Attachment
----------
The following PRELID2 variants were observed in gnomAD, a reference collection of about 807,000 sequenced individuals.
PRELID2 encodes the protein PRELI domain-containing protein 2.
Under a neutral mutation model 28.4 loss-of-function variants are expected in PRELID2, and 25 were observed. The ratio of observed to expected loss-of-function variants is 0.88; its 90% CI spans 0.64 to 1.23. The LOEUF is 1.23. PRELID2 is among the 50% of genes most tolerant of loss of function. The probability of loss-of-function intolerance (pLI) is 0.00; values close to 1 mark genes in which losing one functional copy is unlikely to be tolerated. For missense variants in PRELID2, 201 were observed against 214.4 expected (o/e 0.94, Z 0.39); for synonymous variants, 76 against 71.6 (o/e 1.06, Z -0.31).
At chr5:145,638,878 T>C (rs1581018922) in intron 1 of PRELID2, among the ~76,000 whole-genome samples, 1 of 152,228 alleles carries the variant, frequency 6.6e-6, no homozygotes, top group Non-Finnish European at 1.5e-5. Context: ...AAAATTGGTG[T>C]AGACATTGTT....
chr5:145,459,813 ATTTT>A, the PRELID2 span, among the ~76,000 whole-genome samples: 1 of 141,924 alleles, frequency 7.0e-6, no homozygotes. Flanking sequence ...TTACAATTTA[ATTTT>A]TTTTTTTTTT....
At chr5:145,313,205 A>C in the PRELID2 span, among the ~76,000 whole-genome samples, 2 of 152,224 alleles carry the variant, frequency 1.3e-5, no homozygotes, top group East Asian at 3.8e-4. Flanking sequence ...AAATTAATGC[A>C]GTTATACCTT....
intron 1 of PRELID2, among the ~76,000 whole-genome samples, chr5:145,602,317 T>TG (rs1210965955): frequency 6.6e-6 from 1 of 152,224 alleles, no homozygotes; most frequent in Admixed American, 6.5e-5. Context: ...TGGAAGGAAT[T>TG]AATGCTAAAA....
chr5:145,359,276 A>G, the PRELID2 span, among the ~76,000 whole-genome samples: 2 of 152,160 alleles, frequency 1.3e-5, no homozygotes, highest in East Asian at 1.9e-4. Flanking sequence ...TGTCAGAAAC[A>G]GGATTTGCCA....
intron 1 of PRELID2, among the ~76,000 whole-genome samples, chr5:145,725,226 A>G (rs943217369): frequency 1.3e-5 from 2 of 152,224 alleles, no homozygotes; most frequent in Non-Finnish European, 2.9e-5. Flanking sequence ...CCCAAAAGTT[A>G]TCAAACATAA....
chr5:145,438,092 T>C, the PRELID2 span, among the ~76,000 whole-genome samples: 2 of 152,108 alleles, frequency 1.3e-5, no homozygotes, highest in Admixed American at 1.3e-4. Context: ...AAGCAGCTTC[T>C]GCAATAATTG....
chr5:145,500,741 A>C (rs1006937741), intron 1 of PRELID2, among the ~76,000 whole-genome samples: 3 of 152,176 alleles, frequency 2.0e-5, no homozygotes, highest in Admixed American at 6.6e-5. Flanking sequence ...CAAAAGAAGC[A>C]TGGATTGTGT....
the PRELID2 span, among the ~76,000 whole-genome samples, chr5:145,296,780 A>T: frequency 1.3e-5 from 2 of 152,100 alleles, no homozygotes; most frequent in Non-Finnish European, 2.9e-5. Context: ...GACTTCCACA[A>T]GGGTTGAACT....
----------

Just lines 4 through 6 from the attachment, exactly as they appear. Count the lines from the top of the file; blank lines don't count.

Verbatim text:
At chr5:145,638,878 T>C (rs1581018922) in intron 1 of PRELID2, among the ~76,000 whole-genome samples, 1 of 152,228 alleles carries the variant, frequency 6.6e-6, no homozygotes, top group Non-Finnish European at 1.5e-5. Context: ...AAAATTGGTG[T>C]AGACATTGTT....
chr5:145,459,813 ATTTT>A, the PRELID2 span, among the ~76,000 whole-genome samples: 1 of 141,924 alleles, frequency 7.0e-6, no homozygotes. Flanking sequence ...TTACAATTTA[ATTTT>A]TTTTTTTTTT....
At chr5:145,313,205 A>C in the PRELID2 span, among the ~76,000 whole-genome samples, 2 of 152,224 alleles carry the variant, frequency 1.3e-5, no homozygotes, top group East Asian at 3.8e-4. Flanking sequence ...AAATTAATGC[A>C]GTTATACCTT....